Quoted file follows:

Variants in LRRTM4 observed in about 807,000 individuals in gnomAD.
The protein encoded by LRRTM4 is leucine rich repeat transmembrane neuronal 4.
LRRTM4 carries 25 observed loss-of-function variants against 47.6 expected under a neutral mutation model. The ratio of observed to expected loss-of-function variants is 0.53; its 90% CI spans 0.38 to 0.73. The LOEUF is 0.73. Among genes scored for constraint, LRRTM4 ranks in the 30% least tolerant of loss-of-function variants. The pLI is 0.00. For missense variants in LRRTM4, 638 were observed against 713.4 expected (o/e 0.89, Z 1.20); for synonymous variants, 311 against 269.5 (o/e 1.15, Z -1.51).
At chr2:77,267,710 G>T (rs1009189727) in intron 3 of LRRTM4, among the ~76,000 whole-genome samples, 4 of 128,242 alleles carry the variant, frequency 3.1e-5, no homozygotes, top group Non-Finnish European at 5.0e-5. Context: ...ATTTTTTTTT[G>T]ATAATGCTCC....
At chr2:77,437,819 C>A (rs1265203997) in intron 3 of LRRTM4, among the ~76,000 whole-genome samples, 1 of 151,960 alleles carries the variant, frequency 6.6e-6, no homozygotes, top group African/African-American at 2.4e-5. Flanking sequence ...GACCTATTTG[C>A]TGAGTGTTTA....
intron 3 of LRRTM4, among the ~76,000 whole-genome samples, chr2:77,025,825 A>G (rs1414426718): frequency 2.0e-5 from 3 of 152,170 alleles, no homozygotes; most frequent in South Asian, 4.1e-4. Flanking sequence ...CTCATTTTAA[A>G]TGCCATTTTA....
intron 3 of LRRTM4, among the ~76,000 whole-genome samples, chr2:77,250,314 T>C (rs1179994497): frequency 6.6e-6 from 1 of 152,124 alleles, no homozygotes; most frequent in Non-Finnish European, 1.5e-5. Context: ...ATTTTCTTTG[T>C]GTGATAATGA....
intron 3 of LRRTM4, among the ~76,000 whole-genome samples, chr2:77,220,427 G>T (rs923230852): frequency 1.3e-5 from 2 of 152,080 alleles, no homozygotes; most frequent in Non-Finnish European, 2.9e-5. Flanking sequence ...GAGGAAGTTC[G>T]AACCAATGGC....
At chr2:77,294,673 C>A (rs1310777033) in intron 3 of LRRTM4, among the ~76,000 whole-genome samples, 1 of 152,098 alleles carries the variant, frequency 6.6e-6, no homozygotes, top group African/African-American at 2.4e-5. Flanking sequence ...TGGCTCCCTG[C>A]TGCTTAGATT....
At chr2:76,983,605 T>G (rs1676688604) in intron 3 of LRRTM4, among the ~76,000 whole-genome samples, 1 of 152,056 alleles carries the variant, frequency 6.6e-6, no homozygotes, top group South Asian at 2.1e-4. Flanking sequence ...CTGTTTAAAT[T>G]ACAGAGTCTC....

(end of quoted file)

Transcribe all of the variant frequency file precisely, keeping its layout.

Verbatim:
Variants in LRRTM4 observed in about 807,000 individuals in gnomAD.
The protein encoded by LRRTM4 is leucine rich repeat transmembrane neuronal 4.
LRRTM4 carries 25 observed loss-of-function variants against 47.6 expected under a neutral mutation model. The ratio of observed to expected loss-of-function variants is 0.53; its 90% CI spans 0.38 to 0.73. The LOEUF is 0.73. Among genes scored for constraint, LRRTM4 ranks in the 30% least tolerant of loss-of-function variants. The pLI is 0.00. For missense variants in LRRTM4, 638 were observed against 713.4 expected (o/e 0.89, Z 1.20); for synonymous variants, 311 against 269.5 (o/e 1.15, Z -1.51).
At chr2:77,267,710 G>T (rs1009189727) in intron 3 of LRRTM4, among the ~76,000 whole-genome samples, 4 of 128,242 alleles carry the variant, frequency 3.1e-5, no homozygotes, top group Non-Finnish European at 5.0e-5. Context: ...ATTTTTTTTT[G>T]ATAATGCTCC....
At chr2:77,437,819 C>A (rs1265203997) in intron 3 of LRRTM4, among the ~76,000 whole-genome samples, 1 of 151,960 alleles carries the variant, frequency 6.6e-6, no homozygotes, top group African/African-American at 2.4e-5. Flanking sequence ...GACCTATTTG[C>A]TGAGTGTTTA....
intron 3 of LRRTM4, among the ~76,000 whole-genome samples, chr2:77,025,825 A>G (rs1414426718): frequency 2.0e-5 from 3 of 152,170 alleles, no homozygotes; most frequent in South Asian, 4.1e-4. Flanking sequence ...CTCATTTTAA[A>G]TGCCATTTTA....
intron 3 of LRRTM4, among the ~76,000 whole-genome samples, chr2:77,250,314 T>C (rs1179994497): frequency 6.6e-6 from 1 of 152,124 alleles, no homozygotes; most frequent in Non-Finnish European, 1.5e-5. Context: ...ATTTTCTTTG[T>C]GTGATAATGA....
intron 3 of LRRTM4, among the ~76,000 whole-genome samples, chr2:77,220,427 G>T (rs923230852): frequency 1.3e-5 from 2 of 152,080 alleles, no homozygotes; most frequent in Non-Finnish European, 2.9e-5. Flanking sequence ...GAGGAAGTTC[G>T]AACCAATGGC....
At chr2:77,294,673 C>A (rs1310777033) in intron 3 of LRRTM4, among the ~76,000 whole-genome samples, 1 of 152,098 alleles carries the variant, frequency 6.6e-6, no homozygotes, top group African/African-American at 2.4e-5. Flanking sequence ...TGGCTCCCTG[C>A]TGCTTAGATT....
At chr2:76,983,605 T>G (rs1676688604) in intron 3 of LRRTM4, among the ~76,000 whole-genome samples, 1 of 152,056 alleles carries the variant, frequency 6.6e-6, no homozygotes, top group South Asian at 2.1e-4. Flanking sequence ...CTGTTTAAAT[T>G]ACAGAGTCTC....